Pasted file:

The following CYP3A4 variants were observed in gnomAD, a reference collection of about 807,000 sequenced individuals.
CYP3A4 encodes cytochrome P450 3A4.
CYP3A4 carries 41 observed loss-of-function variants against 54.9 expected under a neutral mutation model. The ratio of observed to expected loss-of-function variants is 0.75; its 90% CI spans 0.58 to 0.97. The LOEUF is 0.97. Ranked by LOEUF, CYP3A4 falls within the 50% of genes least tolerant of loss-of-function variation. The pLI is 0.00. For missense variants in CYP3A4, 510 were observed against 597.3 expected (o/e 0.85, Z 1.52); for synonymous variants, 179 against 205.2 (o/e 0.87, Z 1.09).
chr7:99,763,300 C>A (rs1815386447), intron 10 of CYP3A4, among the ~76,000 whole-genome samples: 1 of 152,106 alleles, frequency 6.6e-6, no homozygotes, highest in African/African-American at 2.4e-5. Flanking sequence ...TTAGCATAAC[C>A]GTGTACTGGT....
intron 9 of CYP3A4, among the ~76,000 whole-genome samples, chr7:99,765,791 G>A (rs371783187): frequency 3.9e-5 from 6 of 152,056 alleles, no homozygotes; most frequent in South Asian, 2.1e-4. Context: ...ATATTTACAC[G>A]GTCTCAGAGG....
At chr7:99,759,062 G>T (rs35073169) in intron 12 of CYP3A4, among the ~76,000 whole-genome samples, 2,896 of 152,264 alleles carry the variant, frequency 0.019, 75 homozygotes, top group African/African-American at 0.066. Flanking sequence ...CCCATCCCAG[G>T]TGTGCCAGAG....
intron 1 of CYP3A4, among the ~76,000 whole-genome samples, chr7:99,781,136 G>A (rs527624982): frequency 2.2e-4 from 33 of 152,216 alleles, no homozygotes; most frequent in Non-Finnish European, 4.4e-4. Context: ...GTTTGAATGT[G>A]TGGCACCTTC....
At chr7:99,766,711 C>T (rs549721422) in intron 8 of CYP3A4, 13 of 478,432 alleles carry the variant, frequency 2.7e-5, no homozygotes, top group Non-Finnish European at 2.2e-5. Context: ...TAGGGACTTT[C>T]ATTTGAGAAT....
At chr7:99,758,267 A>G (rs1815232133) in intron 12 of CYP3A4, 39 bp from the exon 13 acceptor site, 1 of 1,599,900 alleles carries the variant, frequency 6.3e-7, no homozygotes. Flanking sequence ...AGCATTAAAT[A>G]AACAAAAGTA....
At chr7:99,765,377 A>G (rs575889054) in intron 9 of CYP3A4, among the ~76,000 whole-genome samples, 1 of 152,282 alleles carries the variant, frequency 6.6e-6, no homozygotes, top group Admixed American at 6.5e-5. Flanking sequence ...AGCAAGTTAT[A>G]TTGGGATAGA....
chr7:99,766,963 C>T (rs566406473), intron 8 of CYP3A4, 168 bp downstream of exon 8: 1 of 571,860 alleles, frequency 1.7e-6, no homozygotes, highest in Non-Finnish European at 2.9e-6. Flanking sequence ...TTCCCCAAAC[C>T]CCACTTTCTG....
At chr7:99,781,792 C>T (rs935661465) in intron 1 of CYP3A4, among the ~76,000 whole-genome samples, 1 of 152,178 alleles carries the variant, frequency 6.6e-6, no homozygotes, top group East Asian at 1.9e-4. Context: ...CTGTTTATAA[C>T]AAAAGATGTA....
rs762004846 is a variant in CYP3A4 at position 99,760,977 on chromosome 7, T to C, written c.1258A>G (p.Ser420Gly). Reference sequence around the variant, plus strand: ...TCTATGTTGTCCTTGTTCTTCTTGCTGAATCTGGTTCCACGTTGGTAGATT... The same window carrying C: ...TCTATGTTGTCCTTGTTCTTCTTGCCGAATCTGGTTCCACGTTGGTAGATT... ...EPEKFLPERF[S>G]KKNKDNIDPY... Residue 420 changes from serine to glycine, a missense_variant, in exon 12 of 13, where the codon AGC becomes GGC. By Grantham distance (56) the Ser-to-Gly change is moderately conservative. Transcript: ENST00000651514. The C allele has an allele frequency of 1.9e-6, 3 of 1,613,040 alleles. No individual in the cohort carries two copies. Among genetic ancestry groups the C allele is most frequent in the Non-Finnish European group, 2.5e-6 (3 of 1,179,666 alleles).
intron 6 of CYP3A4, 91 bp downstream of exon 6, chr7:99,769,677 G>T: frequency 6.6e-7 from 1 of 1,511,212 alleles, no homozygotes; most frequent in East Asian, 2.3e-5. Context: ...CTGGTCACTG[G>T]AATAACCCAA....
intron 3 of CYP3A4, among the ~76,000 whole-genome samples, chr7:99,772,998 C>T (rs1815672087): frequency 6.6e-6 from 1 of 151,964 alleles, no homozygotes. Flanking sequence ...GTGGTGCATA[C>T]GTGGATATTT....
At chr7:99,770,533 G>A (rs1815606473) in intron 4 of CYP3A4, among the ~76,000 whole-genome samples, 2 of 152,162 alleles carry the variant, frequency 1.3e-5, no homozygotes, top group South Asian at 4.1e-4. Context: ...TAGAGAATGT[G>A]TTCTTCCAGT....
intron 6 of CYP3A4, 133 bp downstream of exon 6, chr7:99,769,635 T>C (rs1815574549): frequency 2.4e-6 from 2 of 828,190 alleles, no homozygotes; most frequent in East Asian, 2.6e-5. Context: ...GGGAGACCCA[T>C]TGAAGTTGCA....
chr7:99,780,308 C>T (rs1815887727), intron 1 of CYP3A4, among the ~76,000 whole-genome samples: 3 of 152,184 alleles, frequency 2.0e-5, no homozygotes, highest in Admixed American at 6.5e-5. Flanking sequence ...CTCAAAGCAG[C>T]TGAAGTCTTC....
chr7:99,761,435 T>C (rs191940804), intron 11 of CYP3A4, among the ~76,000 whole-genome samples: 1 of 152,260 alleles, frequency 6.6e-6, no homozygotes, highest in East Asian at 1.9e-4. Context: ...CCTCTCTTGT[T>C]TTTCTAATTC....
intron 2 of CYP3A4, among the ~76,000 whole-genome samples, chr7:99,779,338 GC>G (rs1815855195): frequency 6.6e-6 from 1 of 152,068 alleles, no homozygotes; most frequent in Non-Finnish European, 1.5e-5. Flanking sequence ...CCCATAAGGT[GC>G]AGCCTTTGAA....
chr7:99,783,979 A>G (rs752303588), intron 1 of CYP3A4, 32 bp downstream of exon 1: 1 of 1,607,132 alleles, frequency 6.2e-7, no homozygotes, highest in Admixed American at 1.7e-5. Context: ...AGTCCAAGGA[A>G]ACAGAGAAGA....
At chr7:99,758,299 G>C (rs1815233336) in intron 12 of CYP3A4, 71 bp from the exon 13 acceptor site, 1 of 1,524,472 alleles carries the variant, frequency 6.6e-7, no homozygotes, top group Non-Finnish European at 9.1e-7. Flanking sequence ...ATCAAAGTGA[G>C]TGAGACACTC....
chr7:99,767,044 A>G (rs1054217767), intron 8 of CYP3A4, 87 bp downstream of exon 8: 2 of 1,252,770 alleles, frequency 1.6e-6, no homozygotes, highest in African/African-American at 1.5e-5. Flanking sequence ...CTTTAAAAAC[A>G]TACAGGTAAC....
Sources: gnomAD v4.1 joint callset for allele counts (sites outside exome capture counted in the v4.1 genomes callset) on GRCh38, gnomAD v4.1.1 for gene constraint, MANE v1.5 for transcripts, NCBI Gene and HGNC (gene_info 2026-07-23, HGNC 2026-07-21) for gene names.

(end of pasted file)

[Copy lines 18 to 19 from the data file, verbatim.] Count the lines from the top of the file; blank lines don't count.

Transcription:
chr7:99,780,308 C>T (rs1815887727), intron 1 of CYP3A4, among the ~76,000 whole-genome samples: 3 of 152,184 alleles, frequency 2.0e-5, no homozygotes, highest in Admixed American at 6.5e-5. Flanking sequence ...CTCAAAGCAG[C>T]TGAAGTCTTC....
chr7:99,761,435 T>C (rs191940804), intron 11 of CYP3A4, among the ~76,000 whole-genome samples: 1 of 152,260 alleles, frequency 6.6e-6, no homozygotes, highest in East Asian at 1.9e-4. Context: ...CCTCTCTTGT[T>C]TTTCTAATTC....